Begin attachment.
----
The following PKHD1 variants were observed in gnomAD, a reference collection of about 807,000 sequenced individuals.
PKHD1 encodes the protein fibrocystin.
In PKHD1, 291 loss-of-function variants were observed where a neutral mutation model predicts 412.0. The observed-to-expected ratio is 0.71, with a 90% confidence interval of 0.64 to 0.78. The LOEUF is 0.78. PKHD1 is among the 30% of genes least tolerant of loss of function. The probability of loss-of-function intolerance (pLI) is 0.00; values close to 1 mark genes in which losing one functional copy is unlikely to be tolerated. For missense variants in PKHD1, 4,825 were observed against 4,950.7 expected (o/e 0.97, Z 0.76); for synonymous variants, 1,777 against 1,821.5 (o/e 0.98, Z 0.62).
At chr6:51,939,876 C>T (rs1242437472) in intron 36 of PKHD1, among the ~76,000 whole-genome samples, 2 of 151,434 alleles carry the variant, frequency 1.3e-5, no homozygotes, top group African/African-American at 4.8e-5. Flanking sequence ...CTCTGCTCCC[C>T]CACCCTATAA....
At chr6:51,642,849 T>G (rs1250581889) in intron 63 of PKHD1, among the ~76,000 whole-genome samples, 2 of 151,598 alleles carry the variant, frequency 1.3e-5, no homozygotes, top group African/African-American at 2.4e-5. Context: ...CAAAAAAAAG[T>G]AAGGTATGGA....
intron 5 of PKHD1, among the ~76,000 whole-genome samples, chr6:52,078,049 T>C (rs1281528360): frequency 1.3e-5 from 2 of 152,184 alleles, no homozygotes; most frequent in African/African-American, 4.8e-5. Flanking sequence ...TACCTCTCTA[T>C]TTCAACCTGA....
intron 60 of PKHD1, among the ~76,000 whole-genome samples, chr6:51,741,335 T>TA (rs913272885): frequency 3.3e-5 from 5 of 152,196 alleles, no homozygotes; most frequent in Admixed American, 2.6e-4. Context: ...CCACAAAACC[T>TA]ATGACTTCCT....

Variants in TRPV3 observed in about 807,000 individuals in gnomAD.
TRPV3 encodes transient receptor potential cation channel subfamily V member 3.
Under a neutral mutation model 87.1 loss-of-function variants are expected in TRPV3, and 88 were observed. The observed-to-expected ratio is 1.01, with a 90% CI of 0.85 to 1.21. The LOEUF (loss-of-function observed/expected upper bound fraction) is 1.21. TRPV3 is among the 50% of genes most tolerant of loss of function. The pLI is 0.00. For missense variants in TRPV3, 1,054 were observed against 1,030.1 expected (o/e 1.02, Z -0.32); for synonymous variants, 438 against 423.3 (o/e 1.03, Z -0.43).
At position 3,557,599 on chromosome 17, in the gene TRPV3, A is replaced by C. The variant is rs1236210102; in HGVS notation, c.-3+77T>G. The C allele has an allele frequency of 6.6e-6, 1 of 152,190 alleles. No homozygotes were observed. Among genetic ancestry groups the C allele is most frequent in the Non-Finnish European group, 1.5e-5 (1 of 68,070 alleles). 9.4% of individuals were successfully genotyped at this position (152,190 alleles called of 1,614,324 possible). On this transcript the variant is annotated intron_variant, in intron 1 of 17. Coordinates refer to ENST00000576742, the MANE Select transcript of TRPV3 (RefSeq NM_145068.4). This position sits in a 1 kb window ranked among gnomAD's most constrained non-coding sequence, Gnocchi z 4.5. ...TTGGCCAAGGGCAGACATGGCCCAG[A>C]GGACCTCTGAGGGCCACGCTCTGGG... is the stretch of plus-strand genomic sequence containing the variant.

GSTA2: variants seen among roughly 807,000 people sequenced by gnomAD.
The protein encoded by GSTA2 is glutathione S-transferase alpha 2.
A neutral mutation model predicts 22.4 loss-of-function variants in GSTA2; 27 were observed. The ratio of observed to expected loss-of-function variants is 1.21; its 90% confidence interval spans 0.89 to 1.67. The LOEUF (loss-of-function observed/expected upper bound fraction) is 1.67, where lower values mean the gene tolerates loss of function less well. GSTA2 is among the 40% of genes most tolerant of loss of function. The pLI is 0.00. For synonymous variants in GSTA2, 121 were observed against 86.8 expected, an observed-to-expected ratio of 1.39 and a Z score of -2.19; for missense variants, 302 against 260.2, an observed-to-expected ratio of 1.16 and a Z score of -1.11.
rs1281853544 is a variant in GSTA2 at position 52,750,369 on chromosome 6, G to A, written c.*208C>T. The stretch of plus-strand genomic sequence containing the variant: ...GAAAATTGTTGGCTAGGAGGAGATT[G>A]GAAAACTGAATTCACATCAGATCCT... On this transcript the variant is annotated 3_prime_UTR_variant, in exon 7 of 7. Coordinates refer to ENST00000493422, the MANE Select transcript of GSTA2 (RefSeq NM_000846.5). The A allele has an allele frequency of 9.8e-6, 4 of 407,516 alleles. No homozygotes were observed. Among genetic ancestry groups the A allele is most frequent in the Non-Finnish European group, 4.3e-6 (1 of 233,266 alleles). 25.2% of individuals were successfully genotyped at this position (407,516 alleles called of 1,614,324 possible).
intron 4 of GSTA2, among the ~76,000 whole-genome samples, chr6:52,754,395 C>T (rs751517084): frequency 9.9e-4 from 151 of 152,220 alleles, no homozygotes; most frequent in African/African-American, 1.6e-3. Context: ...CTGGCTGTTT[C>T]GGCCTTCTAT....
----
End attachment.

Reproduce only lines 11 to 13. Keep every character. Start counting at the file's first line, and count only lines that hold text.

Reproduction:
At position 3,557,599 on chromosome 17, in the gene TRPV3, A is replaced by C. The variant is rs1236210102; in HGVS notation, c.-3+77T>G. The C allele has an allele frequency of 6.6e-6, 1 of 152,190 alleles. No homozygotes were observed. Among genetic ancestry groups the C allele is most frequent in the Non-Finnish European group, 1.5e-5 (1 of 68,070 alleles). 9.4% of individuals were successfully genotyped at this position (152,190 alleles called of 1,614,324 possible). On this transcript the variant is annotated intron_variant, in intron 1 of 17. Coordinates refer to ENST00000576742, the MANE Select transcript of TRPV3 (RefSeq NM_145068.4). This position sits in a 1 kb window ranked among gnomAD's most constrained non-coding sequence, Gnocchi z 4.5. ...TTGGCCAAGGGCAGACATGGCCCAG[A>C]GGACCTCTGAGGGCCACGCTCTGGG... is the stretch of plus-strand genomic sequence containing the variant.

GSTA2: variants seen among roughly 807,000 people sequenced by gnomAD.
The protein encoded by GSTA2 is glutathione S-transferase alpha 2.